'Ode to Joy': Undecided voter finally makes up her mind

Decision to vote for Romney leaves more time to practice the violin.

October 31, 2012

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(WBEZ/Alex Keefe)
Bridget Kerans, an undecided voter no more, poses with her violin.

53-year-old Bridget Kerans almost didn’t have time for an interview before Election Day.

After all, she’s got her job at a suburban library, online college classes, family obligations – not to mention practice time.

“I’ve wanted to do the violin for years,” Kerans said once I’d finally buttonholed her (and her violin) at a Starbucks in Schaumburg, where she lives. She even played a few notes of “Ode to Joy” before starting to talk politics.

Kerans has been one of three undecided voters WBEZ has been following over the past few weeks, to document how they make their final decision about whom to vote for in the 2012 presidential race.

To recap: Kerans was the die-hard Hillary Clinton supporter from 2008 Democratic Parimary, who never got on board with President Barack Obama.

In 2012, she has been pretty gung-ho about Texas Republican Congressman Ron Paul, a Libertarian icon. She recently emailed me a handmade poster she’d taped to her house, featuring a cartoon Paul dressed in a Superman outfit.

But during the recent presidential debates on TV, Kerans says she saw something in Republican Mitt Romney – something she hadn’t noticed before.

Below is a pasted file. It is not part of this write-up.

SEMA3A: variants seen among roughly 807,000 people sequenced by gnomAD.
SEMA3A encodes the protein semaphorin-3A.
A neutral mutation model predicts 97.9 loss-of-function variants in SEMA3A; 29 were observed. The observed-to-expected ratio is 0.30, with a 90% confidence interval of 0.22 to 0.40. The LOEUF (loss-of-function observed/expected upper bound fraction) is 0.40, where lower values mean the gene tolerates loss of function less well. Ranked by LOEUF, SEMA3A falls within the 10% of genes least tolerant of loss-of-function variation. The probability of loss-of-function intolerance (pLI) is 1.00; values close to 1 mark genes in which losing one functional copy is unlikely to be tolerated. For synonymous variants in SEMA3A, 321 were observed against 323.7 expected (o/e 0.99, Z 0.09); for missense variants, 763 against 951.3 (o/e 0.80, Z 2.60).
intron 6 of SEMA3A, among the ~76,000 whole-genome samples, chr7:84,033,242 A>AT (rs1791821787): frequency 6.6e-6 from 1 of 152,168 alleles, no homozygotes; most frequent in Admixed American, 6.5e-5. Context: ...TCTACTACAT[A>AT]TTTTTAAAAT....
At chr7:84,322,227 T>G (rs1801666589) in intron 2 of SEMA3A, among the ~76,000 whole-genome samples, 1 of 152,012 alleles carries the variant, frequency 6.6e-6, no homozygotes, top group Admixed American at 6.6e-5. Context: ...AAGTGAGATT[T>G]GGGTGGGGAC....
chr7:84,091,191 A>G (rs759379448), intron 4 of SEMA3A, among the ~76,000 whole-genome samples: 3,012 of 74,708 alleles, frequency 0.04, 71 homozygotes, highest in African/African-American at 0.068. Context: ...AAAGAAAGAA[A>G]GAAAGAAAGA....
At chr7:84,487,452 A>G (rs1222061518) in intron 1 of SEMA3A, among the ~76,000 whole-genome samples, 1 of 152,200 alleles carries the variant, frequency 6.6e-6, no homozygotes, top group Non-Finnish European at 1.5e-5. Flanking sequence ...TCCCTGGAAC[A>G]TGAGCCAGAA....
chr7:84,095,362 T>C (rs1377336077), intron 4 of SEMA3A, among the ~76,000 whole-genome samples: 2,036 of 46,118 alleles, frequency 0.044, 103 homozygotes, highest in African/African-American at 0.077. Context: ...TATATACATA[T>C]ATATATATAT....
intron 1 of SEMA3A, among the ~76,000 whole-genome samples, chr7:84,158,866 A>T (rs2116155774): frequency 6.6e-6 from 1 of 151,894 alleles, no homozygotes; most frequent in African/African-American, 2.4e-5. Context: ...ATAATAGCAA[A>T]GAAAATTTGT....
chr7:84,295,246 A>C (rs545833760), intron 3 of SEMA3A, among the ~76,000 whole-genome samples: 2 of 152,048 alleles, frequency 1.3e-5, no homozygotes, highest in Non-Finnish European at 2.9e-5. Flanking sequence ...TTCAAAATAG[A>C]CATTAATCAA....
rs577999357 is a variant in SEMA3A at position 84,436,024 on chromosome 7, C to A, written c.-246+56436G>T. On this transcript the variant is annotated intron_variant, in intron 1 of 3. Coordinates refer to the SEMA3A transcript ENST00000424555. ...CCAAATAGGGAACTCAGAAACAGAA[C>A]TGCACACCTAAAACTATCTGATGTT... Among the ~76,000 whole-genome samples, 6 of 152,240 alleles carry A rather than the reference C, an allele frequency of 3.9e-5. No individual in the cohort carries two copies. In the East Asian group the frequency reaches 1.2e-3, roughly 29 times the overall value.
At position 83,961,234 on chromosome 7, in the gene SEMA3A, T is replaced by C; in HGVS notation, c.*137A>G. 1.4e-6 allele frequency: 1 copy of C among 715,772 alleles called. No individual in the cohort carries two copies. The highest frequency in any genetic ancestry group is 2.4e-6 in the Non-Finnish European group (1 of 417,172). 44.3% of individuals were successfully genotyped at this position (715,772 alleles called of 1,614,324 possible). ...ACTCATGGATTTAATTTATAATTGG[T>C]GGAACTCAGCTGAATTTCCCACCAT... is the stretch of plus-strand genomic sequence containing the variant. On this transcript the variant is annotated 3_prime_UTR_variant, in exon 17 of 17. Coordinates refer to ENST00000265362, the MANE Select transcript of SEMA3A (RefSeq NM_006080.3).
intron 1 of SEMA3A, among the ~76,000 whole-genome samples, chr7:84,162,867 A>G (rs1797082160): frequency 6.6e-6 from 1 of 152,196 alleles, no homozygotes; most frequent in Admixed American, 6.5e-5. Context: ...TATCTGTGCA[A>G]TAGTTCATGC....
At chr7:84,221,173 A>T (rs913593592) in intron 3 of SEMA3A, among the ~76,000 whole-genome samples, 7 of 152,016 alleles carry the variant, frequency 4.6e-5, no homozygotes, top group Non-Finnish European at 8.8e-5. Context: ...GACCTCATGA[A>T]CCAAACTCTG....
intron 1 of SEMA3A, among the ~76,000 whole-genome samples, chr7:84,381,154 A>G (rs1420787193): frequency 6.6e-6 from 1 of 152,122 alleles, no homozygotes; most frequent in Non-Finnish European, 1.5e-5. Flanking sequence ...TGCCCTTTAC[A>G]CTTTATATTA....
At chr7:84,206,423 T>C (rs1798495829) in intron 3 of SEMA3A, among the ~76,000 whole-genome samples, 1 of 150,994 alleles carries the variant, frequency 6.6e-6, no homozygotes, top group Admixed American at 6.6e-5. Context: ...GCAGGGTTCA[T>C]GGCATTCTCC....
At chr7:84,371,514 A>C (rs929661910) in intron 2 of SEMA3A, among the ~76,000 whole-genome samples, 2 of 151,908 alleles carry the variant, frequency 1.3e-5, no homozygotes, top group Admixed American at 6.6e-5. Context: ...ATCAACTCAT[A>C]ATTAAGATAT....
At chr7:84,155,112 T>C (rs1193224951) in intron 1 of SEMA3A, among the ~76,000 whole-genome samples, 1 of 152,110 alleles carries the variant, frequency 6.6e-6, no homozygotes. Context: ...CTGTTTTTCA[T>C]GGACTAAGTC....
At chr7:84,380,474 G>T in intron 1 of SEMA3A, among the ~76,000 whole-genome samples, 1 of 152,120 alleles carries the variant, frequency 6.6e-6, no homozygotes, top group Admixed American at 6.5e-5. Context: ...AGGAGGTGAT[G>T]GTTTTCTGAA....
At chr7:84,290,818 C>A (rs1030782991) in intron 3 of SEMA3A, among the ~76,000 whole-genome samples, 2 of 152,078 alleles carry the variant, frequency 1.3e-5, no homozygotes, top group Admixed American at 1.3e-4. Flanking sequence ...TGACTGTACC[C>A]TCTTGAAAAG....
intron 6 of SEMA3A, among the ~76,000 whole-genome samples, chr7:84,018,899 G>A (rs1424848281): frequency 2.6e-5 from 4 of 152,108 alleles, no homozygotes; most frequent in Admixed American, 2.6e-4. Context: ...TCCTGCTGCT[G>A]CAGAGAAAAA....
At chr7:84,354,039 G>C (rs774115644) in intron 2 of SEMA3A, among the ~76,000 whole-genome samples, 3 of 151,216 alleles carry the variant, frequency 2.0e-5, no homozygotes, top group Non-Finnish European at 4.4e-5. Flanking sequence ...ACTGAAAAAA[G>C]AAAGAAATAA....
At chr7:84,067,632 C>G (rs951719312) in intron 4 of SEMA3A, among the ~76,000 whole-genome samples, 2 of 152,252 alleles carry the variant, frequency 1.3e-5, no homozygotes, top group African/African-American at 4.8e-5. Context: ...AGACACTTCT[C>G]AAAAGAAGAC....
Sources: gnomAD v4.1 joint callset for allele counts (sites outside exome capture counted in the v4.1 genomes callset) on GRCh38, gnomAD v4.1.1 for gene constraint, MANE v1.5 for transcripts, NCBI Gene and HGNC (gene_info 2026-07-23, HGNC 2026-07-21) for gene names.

“I’m looking at the face, I’m looking at the eyes. I honest-to-God swear I can see him thinking,” she said as we met over coffee earlier this week. “The gears are going, you know? … And he really – the last time, he made me feel proud.”

Kearns says she was drawn in by Romney’s “Five Point Plan” to right the economy, which his campaign says would cut back on taxes, regulation and government spending.

It’s a big issue for Kerans, who said she still remembers what it felt like to get laid off when her long-time job was outsourced a few years ago.

“I had to start over again in my forties – late 40s,” she said. “And now, you know, I have to do everything, so you just don’t wanna go down that road again.”

Kerans says she’s counting on Romney’s business experience to help create jobs. And she’s also hoping he’ll make the GOP more moderate.

So what happened to Ron Paul?

“I wish he was the one. I really do. I want him so bad,” Kerans said, laughing.

But not bad enough to write in Paul on Tuesday’s ballot, she said. And by the time the coffee’s gone, it sounds like she’s finally made her decision.

“Well, it’s gotten much easier and it’ll be Romney,” she said, when I ask who she’d vote for if she had to decide just then.

Now that she seems to have decided her presidential vote, Kerans can spend more time on other pursuits – like the violin.